The compression step is generally carried out at a pressure within the range of about 7 × 103 kN per sq. meter to about 20 × 103 kN per sq. meter. The preferred compression pressure with the preferred fluoroelastomer is in the range from about 12 × 103 kN per sq. meter to about 17 × 103 kN per sq. meter.
After the postcuring step is completed, it is desirable to remove a skin portion of the set fluoroelastomer from the surface thereof. Generally it is preferred to remove from about 0.05 mm to about 0.15 mm of the surface of the fluoroelastomer. The reason for this is that the surface of the fluoroelastomer will tend to form a skin which differs in composition from the bulk elastomer and is very low in filler materials and this skin may cause slipping of the surface by being unduly low in friction. When the required amount of the fluoroelastomer skin is removed, this serves to expose the relatively uniform inner mass of the fluoroelastomer which would normally contain various useful filler materials as set out below.
The particular fluoroelastomer selected for bonding will depend primarily on the intended application of the bonded product. In applications where the product must withstand high bulk temperatures, one of the ultra high temperature, thermally stable fluoroelastomers such as Viton E60, Viton E60C, and Viton LD 2873, or Fluorel 2160, Fluorel 2170, and Fluorel FC 2170 will usually be selected. In some instances, it may be advantageous to combine two or more fluoroelastomers, including those of differing thermal stability properties, to obtain desired properties in the finished laminate.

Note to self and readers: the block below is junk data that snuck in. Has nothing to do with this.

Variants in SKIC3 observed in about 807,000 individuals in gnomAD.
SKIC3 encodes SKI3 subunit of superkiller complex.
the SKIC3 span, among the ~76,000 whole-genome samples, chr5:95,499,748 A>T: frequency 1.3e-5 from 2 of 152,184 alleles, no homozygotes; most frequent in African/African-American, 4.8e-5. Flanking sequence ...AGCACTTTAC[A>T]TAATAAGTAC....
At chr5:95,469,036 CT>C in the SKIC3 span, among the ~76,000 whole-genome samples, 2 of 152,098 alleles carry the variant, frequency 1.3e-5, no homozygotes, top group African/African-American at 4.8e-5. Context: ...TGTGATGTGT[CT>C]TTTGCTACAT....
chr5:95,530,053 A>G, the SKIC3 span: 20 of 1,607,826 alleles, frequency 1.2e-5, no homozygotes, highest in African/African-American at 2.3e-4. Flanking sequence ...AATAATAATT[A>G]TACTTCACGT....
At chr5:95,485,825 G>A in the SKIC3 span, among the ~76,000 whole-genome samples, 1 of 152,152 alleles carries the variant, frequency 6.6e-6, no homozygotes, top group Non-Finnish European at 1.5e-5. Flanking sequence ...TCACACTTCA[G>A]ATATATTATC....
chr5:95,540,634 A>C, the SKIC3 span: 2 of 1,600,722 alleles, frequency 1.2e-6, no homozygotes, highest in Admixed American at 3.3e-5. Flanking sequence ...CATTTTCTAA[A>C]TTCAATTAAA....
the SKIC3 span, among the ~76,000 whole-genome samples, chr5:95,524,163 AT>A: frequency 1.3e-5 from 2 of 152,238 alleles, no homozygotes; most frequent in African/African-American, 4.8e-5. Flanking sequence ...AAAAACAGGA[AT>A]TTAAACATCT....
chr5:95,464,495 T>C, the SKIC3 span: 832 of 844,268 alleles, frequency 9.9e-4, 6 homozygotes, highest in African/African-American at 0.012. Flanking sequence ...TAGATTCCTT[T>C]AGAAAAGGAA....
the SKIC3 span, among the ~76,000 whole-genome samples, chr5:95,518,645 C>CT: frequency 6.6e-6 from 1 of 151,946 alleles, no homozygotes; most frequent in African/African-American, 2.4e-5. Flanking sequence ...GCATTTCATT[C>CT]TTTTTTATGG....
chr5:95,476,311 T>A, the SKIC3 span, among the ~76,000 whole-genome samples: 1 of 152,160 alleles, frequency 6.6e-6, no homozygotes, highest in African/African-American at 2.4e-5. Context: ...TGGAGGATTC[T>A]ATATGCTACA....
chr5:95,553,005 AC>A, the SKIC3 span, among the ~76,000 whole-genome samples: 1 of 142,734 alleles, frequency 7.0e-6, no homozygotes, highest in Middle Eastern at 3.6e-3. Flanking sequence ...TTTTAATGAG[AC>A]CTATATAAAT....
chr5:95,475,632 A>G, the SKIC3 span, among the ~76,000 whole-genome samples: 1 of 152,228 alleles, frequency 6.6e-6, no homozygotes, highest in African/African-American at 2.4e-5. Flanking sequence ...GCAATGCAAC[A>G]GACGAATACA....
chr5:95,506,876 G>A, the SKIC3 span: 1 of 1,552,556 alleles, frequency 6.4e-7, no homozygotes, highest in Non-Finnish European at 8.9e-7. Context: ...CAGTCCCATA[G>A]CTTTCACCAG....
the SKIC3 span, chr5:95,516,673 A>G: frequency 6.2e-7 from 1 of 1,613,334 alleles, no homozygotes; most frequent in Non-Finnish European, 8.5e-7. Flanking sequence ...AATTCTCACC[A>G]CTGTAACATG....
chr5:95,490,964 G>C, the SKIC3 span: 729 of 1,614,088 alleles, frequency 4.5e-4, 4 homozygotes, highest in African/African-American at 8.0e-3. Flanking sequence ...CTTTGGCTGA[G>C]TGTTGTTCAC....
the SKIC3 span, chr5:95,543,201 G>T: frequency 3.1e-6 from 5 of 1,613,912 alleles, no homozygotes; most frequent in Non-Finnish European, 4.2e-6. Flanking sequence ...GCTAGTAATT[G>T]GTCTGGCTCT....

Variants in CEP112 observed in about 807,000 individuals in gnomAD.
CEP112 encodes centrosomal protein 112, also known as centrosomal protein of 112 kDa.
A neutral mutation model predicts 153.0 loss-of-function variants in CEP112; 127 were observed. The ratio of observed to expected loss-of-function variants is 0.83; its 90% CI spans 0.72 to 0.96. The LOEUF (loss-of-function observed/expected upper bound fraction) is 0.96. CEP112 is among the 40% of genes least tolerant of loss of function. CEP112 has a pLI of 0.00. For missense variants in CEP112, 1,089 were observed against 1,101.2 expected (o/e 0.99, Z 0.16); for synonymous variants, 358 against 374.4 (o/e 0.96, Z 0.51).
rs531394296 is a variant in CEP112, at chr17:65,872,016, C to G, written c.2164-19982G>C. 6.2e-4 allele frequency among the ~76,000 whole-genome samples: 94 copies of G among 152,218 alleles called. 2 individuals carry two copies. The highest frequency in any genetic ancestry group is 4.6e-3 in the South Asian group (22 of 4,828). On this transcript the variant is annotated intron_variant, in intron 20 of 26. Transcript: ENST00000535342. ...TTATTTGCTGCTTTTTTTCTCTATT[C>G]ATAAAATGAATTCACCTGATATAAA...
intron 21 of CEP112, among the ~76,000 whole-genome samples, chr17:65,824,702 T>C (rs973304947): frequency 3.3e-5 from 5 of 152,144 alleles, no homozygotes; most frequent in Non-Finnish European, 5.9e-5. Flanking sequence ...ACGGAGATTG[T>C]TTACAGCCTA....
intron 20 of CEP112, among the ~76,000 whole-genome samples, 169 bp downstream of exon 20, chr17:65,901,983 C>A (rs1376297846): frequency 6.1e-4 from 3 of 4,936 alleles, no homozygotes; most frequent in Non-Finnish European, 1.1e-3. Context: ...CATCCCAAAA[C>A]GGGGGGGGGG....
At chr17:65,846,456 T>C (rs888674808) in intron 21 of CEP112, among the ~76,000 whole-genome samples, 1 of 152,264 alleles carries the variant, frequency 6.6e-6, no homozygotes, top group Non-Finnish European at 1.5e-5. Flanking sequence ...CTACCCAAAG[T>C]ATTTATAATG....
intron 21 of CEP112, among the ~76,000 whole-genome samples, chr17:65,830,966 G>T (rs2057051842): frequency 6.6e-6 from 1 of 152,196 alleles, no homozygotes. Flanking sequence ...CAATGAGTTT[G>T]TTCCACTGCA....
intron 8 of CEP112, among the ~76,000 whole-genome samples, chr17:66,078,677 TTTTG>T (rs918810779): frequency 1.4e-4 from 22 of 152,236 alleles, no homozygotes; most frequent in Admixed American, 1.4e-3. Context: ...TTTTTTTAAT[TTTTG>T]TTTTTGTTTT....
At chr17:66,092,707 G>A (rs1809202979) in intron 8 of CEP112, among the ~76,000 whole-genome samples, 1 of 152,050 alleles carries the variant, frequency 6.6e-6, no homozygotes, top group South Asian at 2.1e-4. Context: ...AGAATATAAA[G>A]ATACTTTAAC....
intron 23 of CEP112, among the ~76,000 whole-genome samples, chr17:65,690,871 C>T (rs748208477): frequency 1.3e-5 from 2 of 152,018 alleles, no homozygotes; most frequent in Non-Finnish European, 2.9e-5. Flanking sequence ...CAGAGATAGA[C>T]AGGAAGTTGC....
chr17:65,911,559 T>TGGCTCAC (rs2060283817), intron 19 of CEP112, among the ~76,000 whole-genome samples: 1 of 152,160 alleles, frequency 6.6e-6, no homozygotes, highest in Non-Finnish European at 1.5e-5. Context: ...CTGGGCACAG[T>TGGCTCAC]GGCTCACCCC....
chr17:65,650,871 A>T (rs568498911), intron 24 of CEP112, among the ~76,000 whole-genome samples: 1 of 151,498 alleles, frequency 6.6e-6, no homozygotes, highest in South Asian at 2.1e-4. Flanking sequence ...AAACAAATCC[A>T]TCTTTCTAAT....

The fluoroelastomer or a combination of fluoroelastomers is compounded with sufficient amounts of calcium oxide to provide a satisfactory bond between the fluoroelastomer and the roughened surface of the metal substrate under conditions of the process of this invention. Typically, from about 3 to about 15 parts CaO powder per 100 parts (php) polymer will provide a compounded fluoroelastomer formulation which will have satisfactory bonding properties. Preferably, when the ultra high temperature, thermally stable fluoroelastomers such as Viton E60C are to be compounded, a CaO concentration from about 3 php to about 7 php is used.
CaO may of course be incorporated into the elastomer in a form other than powder. A number of dispersions of CaO both in liquid and paste form are commercially available for incorporation into polymeric materials for conventional use as e.g., dessicants, curing agents, and viscosity agents. These forms of CaO may usually be substituted for the CaO powder at an equivalent actual CaO rate, provided other ingredients in these dispersions do not interfere with the bonding mechanisms.